The “repair” on the right explained
In this case, the path of the puncture is sealed with a string plug, but there is no guarantee that the seal extends to the inner liner. Ergo, there is no guarantee that air will not leak into the tread layers above and below the steel belts.
When this happens, which is often, the tire bulges or in the extreme cases, the tread can separate from the casing. Such a tire is obviously also dangerous, but an additional problem is the fact that tread separation can happen suddenly, with an equally sudden blowout as a result.
Why some tire repairs fail
Three things MUST be considered when a tire is repaired, so let us briefly look at each;
- The damage caused by the perforation must be evaluated, and weighed against the possibility that the tire might not be safe to use after the repair. Sadly, there are many resources on the internet that describe the process of plugging punctures with string plugs, but precious few that describe the possible dangers of not dismounting the tire to check for internal damage. String plugs should only be used in an emergency, and then only until the tire can be inspected professionally. Anything else is potentially dangerous, and should therefore be avoided.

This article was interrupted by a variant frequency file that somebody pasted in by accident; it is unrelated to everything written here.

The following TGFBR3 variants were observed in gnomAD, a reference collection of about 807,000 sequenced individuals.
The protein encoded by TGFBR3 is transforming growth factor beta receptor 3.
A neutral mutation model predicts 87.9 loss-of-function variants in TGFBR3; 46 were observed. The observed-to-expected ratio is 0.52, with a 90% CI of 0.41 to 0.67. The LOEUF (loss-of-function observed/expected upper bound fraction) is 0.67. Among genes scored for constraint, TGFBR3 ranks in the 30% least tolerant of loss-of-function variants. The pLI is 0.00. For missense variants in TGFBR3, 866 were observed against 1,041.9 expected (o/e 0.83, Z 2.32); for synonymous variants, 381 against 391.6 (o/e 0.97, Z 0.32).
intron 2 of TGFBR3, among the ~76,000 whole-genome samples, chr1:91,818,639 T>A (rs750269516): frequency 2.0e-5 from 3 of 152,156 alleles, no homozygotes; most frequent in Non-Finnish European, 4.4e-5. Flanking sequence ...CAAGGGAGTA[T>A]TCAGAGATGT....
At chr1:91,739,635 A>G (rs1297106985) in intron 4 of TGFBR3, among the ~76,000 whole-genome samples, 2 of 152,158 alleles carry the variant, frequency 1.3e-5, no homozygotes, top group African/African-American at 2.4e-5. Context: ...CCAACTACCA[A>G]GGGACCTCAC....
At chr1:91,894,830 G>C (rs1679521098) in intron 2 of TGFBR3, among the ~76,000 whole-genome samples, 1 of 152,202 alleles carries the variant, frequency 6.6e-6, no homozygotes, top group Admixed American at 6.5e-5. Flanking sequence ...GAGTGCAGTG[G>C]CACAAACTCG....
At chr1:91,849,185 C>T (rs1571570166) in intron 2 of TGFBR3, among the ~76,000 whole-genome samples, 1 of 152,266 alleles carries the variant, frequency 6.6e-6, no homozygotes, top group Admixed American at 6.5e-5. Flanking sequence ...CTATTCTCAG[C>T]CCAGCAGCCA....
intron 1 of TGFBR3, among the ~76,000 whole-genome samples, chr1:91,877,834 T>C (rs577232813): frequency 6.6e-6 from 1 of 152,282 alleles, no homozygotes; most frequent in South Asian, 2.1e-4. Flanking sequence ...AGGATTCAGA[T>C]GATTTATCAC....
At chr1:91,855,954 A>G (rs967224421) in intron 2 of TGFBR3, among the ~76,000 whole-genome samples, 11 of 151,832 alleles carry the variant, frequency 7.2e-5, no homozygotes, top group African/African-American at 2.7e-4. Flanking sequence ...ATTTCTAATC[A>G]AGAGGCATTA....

- The seal must restore the tire linings’ ability to retain the air inside the tire. While both string plugs and inner patches have their (limited) uses, the only reliable way to fix a puncture is by using a combined patch/plug to seal both the lining, and the path of the puncture. However, even this method has limitations, and it should only be used if it is certain that there is no secondary damage to the tire casing or reinforcing steel belts.
- The tires’ speed rating must be considered. While it is possible to successfully repair the tires used on family sedans, it might not be advisable to perform any sort of repair on the tires of Lamborghinis, Ferraris, or for that matter, any other supercar. The tires on these cars are subjected to extreme loads and strains, which means that a tire repair that works on say, a Mazda 3, may cause a catastrophic tire failure on the Lamborghini when the stresses caused by high speed driving overcome the repairs’ ability to seal the puncture site. Therefore, punctured tires on high-performance cars should ideally never be repaired to avoid the possibility of a repair causing tire failure under high load conditions.
One more thing
As stated before, tire repair is a life-and-limb affair, so do NOT attempt any type of tire repair if you are uncertain if the tire can be repaired or not. In these cases, the better option is always to have the tire inspected professionally, or replaced to avoid the real possibility of experiencing problems and issues with the repair at an inopportune moment, such as during bumper-to-bumper rush hour traffic on your way to work.